Nigeria’s President Muhammadu Buhari looks set to hand the country’s vibrant tech ecosystem an olive branch, following years of fraught relations with the sector.
The startup bill is expected to be signed into law next year as it awaits a vote by Nigerian parliament, The National Assembly, after winning cabinet approval.
The NSB will set in stone a new relationship between Nigeria’s regulators and startups, after the country’s executive approved a year long collaboration between the government and startup investors, law firms, entrepreneurs, policy advocacy groups.
The bill is not yet public, but according to those at the heart of the draft, it aims to create a new regulatory framework that allows emerging tech firms to thrive, by addressing challenges such as poor infrastructure, access to capital and high taxes.
As Africa’s top tech hub, Nigeria has homegrown four fintech unicorns Interswich, Flutterwave, Andela and Opay, who all achieved valuations of over $1 billion.
Despite their successes, acrimony abounds between Nigeria’s tech industry and the government, with tech firms accusing Abuja of stifling growth with an operating environment considered hostile to startups and investors.
Aggressive regulation on motorcycle taxis preceded Buhari banning Twitter for three months this year, after the social media giant removed a controversial post from the Nigerian president.
Laying further stumbling blocks, the Central Bank of Nigeria (CBN) asked commercial banks to stop facilitating cryptocurrency transactions in February, removing a critical financial artery at a time when the Naira devaluation was biting down on the Covid-struck economy.
In August, the Nigerian Information and Technology Development Agency proposed licensing fees for tech companies, the introduction of tax levies, and also prison sentences for those who defaulted on payments.
What will the NSB do?
Yet behind the scenes, the creators of the new startup bill and 300 volunteers have been clearing a pathway forward.
“The bill addresses startup levelling processes, where a startup is going to be labeled,” said Isa Ali Pantami, the minister for communication and digital economy, in an event in Lagos, last week.
“The bill also will establish the startup investment Seed Fund, where there is going to be a dedicated fund to be provided by the federal government for our young innovators all over the country… in order to begin their own process if they need that,” Pantami said.
Alongside a government seed fund which will increase access to capital, the NSB recommends tax holidays for up to four years for startups, and incentives to attract local and foreign investors.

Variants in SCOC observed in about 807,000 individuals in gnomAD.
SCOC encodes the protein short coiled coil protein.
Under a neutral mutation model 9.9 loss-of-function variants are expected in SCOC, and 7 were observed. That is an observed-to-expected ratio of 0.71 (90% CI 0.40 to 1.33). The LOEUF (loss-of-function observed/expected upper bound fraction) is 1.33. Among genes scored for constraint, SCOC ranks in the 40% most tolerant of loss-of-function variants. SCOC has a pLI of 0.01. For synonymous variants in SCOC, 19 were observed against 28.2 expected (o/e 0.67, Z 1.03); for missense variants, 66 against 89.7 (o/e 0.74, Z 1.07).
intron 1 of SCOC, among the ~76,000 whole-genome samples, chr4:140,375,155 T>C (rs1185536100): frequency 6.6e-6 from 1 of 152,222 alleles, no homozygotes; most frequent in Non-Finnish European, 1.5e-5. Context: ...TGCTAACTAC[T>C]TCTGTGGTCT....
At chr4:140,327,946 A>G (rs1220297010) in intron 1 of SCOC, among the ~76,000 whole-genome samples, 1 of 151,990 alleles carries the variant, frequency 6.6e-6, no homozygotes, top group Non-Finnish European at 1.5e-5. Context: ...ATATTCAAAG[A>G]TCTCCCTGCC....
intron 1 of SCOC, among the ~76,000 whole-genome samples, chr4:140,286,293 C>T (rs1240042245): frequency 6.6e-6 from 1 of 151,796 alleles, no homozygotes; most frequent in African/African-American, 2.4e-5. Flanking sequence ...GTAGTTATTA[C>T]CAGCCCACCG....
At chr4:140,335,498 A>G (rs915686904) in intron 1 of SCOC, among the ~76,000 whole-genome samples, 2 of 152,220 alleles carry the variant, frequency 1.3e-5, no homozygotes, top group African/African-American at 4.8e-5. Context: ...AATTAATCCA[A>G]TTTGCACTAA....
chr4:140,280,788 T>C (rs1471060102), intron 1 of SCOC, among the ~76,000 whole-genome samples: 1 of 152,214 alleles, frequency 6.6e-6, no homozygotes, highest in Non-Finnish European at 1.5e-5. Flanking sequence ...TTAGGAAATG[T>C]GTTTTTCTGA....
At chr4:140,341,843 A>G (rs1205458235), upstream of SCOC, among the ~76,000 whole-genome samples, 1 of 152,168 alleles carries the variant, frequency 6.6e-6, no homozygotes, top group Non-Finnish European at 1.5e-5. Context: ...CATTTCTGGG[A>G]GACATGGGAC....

Nigeria has over 1,200 startups according to Briter Bridges Intelligence, a London-based firm that tracks investments into Africa. This is the highest number on the continent, and the NSB’s implementation is set to ease doing business in the country, while removing the current state of regulatory confusion in which firms operate.
“The bill is being proposed to provide an enabling environment for the growth of startups and guard against different challenges faced, such as seemingly disruptive regulations, lack of regulatory certainty, and weak infrastructure like broadband, open data, and digital platforms that limit the optimisation of the many benefits of the digital economy,” says Kola Aina, Founder and General Partner of Ventures Platform Fund, and one of the contributors to the bill.
When parliament passes the NSB, Nigeria will join Senegal and Tunisia in enacting legislation designed to aid startups, as Abuja tries to diversify west Africa’s biggest economy. South Africa and Kenya continue to work on their own startup bills.
The big-tent approach to getting the bill into motion has shown a willingness on behalf of the Nigerian government to work with stakeholders, and “the inclusive nature of the bill is the result of a concerted lobbying effort by Nigeria’s tech entrepreneurs, to safeguard their livelihoods and the attractiveness of the Nigerian market,” says Joachim MacEbong, a senior analyst at SBM Intelligence.
If the NSB gets implemented into law, then the potential of Africa’s biggest tech ecosystem can be better harnessed. Friendly regulation, increased funding and an inviting investment climate will water the growth of the sector, and provide new jobs as talent development, and university-industry collaboration, forms part of the bill.
“Hopefully there are few landmines in the legislature – especially because it is a rubber stamp for the executive more or less – and the bill can pass swiftly, MacEbong told African Business.